Letting go builds Confidence.  We let go and the world doesn’t stop.  We let go and the unexpected good happens.  We let go and pain stops.  We let go and discover we are still being held and cherished in God’s hand.  What’s more, we sometimes discover that our confidence doesn’t have to reside in ourselves and our own powers.  We can place our confidence beyond ourselves, in borrowed strength from another who loves us.   Gasp.  Maybe even  God.

Holding on is about fear.  Letting go requires courage. Letting go is about hope for a future that changes what we have and are now.   Most of all, letting go is about loving:   our neighbors, our selves,  and all that God loves.

The last year and some has been like climbing in the Himalayas for me.  There are some spectacular views, if only I can let go of my death grip on the rocks in front of me.  Letting go of relationships to which I no longer contribute has been like jumping over a crevasse, unsure of how much strength really resides in these weak knees.  Letting go of a job that gave my family financial stability was as terrifying as stepping off a cliff without testing my ropes or the strength of my belay.  Still I am finding vocation  yet living –and growing–deep in my soul.  My near-to-waking dreams are often places where I recognize that I am practicing letting go.  In one recurrent dream I am driving the car with someone in the back seat.  That person is someone whose love and friendship I mourn,  or someone who has caused pain and hurt I cannot let go.  We have conversations–shouting matches even.  We come to an intersection and I tell them to get out of the car, and drive on.  I am learning.   I am not there yet, but I am on the way.

When we hold on to that which we do not need, we are confined to survival.

When we learn to let go, we discover our lives.

Hmmm.  Didn’t Jesus say something like that?





About Pastor Betsy Williams

I am a mom. And a wife. And a Friend. And a homeowner. And a dog ...uh....owner? Actually make that two dogs. Two kids. One husband. I'm an ELCA Lutheran pastor of a beautiful downtown church. I am the third senior pastor in a century, so my 10-12 years here may feel like an interim to some of the folks here. Recently I have had no spare time. In my spare time in the future, my imagination inhabits a novel I am writing, The Funeral Preacher. My primary blog is a personal reflection on the Revised Common Lectionary...mostly: "Not All Who Wander are Lost." A few years ago I was on a team of writers who produced a little book for Augsburg Fortress in the Washed and Welcome series called "Living the Promises." It's 101 ideas for helping parents and godparents nurture their children in the faith of their baptism. I am developing another blog, more about worship at St. Paul's Lutheran Church, Newark, Ohio and including a summary of the past week's preaching. Otherwise, I imagine myself to be a musician, liturgical artist, cook in a five star restaurant where the patrons keep ordering chicken nuggets, but never a bottle washer. I know how to delegate and share.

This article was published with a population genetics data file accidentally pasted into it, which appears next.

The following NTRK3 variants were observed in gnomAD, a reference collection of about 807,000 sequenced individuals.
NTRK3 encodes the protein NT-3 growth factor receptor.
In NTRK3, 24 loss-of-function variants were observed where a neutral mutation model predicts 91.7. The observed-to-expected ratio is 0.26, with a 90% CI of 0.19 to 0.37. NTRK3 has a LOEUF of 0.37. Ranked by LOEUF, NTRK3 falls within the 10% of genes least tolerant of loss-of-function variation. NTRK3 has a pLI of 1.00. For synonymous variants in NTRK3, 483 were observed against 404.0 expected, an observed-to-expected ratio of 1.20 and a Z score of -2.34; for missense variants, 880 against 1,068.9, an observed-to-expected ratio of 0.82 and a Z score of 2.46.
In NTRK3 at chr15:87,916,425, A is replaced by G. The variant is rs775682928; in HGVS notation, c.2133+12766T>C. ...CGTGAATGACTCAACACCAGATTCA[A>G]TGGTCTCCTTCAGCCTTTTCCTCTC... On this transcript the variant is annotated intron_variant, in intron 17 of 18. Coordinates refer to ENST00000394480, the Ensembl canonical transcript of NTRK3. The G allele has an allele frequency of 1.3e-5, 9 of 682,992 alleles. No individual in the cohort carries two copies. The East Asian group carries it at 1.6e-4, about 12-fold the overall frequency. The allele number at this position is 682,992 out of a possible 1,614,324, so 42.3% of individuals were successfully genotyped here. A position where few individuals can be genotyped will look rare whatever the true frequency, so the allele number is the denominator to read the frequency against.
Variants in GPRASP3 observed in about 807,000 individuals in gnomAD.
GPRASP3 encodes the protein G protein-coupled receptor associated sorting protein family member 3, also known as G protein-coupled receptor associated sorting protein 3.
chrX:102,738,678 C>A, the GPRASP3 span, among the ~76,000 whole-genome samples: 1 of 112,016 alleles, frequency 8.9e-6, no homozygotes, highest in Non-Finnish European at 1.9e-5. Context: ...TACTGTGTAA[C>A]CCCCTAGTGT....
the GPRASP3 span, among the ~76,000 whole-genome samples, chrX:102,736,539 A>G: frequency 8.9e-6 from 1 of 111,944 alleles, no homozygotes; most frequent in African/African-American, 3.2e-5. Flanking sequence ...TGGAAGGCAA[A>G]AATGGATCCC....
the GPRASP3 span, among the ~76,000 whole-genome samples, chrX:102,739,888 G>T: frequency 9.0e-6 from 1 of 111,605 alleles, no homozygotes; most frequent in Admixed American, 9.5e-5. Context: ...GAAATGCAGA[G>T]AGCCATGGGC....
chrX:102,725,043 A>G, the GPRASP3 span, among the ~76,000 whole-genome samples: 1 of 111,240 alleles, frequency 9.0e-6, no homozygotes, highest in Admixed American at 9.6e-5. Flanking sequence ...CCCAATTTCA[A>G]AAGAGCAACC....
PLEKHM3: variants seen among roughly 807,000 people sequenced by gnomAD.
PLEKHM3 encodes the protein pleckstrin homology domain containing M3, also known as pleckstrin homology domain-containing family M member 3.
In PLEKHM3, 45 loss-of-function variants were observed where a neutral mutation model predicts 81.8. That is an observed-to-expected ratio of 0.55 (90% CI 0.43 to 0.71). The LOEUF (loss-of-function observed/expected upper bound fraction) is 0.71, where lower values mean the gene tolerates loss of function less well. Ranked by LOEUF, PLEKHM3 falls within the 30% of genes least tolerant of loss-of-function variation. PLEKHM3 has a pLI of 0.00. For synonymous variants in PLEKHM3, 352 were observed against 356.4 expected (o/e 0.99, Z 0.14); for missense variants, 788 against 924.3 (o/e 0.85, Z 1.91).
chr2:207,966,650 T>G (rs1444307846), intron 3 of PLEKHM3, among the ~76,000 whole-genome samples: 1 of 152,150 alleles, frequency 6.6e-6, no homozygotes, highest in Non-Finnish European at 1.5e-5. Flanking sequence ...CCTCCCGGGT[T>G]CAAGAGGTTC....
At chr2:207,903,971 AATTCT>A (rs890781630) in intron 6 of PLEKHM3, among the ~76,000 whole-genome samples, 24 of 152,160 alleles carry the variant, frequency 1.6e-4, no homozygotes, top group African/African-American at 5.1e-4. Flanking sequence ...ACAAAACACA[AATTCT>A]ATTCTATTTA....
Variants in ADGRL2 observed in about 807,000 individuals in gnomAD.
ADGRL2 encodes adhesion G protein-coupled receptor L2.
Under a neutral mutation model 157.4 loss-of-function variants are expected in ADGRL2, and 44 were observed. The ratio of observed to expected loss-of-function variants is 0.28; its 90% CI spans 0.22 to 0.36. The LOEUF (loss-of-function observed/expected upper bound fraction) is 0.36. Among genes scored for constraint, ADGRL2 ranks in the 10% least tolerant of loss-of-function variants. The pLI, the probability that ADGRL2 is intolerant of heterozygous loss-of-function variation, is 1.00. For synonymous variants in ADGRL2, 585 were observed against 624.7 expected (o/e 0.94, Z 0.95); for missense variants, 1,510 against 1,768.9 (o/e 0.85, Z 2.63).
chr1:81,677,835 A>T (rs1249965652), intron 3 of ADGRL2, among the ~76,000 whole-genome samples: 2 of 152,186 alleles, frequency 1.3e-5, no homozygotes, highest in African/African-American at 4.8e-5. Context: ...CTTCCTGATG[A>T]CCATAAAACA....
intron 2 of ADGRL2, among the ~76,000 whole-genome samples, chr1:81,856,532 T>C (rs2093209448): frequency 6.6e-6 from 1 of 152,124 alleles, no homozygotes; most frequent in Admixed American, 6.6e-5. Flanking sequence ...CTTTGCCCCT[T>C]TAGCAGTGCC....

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One Response to Let it Go… or not?

  1. Jean says:

    I moved so often in the first decades of my life that keeping stuff was just not possible, well not reasonable anyway. Just yesterday I was wondering what happened to some article I’d once owned. I had no idea when it had passed from my life. I actually got my possessions down to just the items I felt I needed, like a basic household items, clothing and the few items I loved, like books, art and photos. Then I married “the saver!” I am respectful not to discard without asking first – there is almost always a reason to keep whatever it is. I am generally frustrated by this, so I thank you for your ponderings here. I see now that some folks have unseen, unknown attachments to things that to the rest of us make little or no sense.